As the summer flies by, it’s easy to recognize that each month is filled with some significant and lesser-known holidays on the calendar. Each of these holidays, whether a national day of observation or an awareness week, has made me think about the importance of one of our Netsmart values, Words Matter.
Two big events in June, Pride Month and Juneteenth, are a cause of celebration for many and a cause of controversy for others. Valuing the fact that words matter in the workplace helps us all to focus on being supportive in our communications, choosing our words carefully and knowing when it is best to say nothing at all.
When reflecting on our value, Words Matter, I’m reminded of a simple communications lesson in a business leadership class from years ago that is still very applicable to this day. Communicating in person (or on video) is always the best option to ensure your message is received as it is intended. When you truly hear the words in conversation, inflections of one’s voice, and see facial expressions, you have minimal chance of misinterpreting the intended message. If you take the visual aspect away, you are left with hearing the tone of the voice and the words that are used. Losing sight of the facial expressions increases the odds that the message might be received in an unintended way. Communicating via a text format allows for a much greater opportunity for miscommunication, so when using this method, it becomes vitally important to be very selective of your word choice.
Working in a culture where words matter doesn’t make it a utopia. People make mistakes, emotions can play into communications, and messages can come across in a way that was never intended. When your culture values words and communication, you have the ability – and expectation – to talk through those misunderstandings. You feel empowered to share your feelings with the knowledge they will be heard and respected. If this sounds like a culture you would enjoy working in, please take a look at the culture and careers at Netsmart.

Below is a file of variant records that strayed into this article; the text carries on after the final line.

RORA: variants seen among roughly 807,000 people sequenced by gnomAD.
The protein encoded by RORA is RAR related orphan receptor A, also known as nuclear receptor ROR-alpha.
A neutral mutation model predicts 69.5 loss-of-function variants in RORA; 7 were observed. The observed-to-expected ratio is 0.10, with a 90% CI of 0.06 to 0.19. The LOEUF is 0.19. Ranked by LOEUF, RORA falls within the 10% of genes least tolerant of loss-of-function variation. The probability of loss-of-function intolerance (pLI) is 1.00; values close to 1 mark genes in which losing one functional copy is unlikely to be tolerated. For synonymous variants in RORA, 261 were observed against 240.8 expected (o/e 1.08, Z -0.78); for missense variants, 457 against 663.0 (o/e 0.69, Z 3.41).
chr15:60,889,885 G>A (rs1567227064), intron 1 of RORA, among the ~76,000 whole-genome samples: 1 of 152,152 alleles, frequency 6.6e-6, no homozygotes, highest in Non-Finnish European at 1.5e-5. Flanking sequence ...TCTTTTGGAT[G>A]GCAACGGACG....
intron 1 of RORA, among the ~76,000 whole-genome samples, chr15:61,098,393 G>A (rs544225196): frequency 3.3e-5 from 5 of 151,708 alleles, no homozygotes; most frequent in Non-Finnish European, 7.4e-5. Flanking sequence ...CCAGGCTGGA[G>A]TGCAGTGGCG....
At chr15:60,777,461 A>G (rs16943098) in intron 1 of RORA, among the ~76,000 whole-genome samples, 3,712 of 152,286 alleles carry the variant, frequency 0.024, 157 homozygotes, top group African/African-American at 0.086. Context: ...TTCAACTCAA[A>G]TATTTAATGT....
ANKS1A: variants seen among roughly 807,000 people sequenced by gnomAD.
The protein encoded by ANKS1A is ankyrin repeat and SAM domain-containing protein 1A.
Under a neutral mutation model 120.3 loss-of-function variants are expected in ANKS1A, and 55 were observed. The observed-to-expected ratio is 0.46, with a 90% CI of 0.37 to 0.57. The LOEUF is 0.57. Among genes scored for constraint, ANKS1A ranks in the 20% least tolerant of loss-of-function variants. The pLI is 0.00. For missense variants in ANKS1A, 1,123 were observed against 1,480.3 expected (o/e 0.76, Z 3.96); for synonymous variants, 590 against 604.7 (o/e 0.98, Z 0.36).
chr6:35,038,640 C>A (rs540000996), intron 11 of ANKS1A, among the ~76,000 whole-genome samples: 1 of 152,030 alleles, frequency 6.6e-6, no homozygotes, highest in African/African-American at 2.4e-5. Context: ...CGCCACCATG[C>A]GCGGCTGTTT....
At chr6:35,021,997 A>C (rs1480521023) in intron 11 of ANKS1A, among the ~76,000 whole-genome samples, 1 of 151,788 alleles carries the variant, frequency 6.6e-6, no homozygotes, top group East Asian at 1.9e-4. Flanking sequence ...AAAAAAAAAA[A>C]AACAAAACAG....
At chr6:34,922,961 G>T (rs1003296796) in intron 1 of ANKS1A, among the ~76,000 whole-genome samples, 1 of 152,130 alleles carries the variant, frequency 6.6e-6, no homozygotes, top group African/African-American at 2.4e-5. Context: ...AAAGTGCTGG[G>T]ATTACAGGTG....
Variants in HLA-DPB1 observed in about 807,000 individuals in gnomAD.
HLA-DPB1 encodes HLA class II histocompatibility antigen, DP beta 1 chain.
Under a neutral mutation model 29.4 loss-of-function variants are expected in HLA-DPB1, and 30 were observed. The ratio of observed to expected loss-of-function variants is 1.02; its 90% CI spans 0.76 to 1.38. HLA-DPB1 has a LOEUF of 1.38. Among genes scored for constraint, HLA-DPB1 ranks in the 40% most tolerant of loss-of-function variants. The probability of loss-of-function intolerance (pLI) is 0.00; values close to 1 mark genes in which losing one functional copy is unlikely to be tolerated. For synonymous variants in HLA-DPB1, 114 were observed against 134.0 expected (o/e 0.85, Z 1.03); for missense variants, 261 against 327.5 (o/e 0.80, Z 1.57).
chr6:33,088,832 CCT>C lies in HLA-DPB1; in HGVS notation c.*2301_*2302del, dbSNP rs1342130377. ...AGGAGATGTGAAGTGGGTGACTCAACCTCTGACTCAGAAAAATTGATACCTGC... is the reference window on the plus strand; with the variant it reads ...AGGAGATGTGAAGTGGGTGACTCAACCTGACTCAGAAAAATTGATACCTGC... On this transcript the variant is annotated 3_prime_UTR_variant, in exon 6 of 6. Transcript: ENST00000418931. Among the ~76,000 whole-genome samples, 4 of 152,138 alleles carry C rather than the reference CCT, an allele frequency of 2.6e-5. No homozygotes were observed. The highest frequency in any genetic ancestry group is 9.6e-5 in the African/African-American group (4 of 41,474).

Thursday, August 11 | Human Services,Thought Leadership,Value-based Care
In our recent blog, Origins of Peer Support for Individuals with Mental Illness, we discussed how the value of peers in support of the mentally ill has been recognized for a very long time, but its popularity varied since its first reported use in France in the 1800s. The voices of those with serious mental illness were finally being heard, helping change attitudes from professional protectiveness to “Nothing about us without us.” In this section we will discuss the more recent history of peers in the United States and how the growth of peer support varied between different countries.More
Thursday, July 28 | Human Services,Thought Leadership,Value-based Care
Peers have gained increased visibility and prominence in today’s behavioral health system. In this six-part blog series, we will discuss how the peer movement evolved in mental health and substance use care. We will also share the current state of the peer movement and what the future looks like for these services. In the first part of the series, we begin by looking at the interesting history of peer support for individuals with mental illness that dates back more than 200 years.More
Thursday, July 21 | Thought Leadership,Post-Acute Care,Value-based Care
Palliative care has seen tremendous growth as providers have begun to unlock the keys to profitability through value-based contracts. Now considered one of the highest demand and most needed services in the post-acute care continuum, industry leaders unpack the skills need to expand service lines, an advanced technology platform, interoperability, and pursuing a value-based contract to improve patient care and reduce costs.More